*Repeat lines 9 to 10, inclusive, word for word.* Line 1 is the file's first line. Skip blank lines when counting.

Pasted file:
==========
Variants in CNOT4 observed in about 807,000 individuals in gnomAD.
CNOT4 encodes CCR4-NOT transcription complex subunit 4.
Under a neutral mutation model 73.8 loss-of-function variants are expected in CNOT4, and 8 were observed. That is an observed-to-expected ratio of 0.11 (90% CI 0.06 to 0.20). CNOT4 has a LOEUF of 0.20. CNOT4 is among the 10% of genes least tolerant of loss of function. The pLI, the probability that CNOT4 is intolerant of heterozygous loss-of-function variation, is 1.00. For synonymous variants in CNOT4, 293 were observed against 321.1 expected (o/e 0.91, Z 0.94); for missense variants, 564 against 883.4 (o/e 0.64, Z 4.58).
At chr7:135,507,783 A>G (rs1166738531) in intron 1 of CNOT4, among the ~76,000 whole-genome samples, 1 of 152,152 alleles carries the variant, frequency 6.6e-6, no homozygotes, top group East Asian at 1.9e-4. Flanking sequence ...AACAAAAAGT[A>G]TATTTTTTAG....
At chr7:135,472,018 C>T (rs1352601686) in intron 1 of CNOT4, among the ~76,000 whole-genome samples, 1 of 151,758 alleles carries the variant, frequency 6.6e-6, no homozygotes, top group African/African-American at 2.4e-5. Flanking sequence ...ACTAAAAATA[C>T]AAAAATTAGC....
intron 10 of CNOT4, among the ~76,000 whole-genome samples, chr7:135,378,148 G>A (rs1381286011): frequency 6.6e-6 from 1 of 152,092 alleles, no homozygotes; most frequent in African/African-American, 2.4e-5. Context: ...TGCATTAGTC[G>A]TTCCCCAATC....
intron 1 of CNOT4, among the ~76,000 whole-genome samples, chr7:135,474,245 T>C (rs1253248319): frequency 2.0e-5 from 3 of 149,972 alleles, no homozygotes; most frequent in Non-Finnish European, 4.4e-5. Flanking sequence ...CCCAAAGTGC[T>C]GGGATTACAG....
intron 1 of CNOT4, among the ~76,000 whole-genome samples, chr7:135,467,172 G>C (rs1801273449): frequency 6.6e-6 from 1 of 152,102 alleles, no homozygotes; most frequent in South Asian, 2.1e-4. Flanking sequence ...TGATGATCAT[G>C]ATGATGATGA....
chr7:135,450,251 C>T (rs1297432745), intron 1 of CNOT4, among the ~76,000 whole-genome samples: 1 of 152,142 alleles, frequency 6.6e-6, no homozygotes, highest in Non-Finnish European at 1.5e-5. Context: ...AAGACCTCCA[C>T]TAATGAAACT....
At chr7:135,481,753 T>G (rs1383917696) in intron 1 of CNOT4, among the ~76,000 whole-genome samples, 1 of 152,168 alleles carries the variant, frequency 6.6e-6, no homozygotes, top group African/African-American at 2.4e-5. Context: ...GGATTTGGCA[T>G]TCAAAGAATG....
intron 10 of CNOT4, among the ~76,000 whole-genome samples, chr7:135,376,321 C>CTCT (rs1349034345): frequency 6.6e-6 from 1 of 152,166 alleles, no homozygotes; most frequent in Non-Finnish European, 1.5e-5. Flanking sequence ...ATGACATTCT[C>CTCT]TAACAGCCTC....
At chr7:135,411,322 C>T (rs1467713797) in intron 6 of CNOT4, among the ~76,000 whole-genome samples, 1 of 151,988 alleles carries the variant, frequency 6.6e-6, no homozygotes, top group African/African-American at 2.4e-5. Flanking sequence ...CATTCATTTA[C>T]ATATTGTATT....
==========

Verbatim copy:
chr7:135,450,251 C>T (rs1297432745), intron 1 of CNOT4, among the ~76,000 whole-genome samples: 1 of 152,142 alleles, frequency 6.6e-6, no homozygotes, highest in Non-Finnish European at 1.5e-5. Context: ...AAGACCTCCA[C>T]TAATGAAACT....
At chr7:135,481,753 T>G (rs1383917696) in intron 1 of CNOT4, among the ~76,000 whole-genome samples, 1 of 152,168 alleles carries the variant, frequency 6.6e-6, no homozygotes, top group African/African-American at 2.4e-5. Context: ...GGATTTGGCA[T>G]TCAAAGAATG....